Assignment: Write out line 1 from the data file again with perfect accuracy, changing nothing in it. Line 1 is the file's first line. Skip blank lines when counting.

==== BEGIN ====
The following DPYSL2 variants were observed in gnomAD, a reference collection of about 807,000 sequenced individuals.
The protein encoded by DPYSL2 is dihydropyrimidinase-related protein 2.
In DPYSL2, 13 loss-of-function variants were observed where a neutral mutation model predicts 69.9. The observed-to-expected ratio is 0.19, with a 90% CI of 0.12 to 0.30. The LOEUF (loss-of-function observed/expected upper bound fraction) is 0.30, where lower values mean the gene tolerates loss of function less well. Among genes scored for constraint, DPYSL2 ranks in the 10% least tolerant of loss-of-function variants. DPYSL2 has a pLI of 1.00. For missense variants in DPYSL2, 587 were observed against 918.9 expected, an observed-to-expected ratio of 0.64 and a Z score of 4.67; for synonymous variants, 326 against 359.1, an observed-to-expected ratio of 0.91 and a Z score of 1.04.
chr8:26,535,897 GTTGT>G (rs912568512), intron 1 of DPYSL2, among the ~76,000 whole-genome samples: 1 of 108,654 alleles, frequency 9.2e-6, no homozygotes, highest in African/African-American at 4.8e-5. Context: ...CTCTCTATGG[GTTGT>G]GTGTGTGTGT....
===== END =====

The following DPYSL2 variants were observed in gnomAD, a reference collection of about 807,000 sequenced individuals.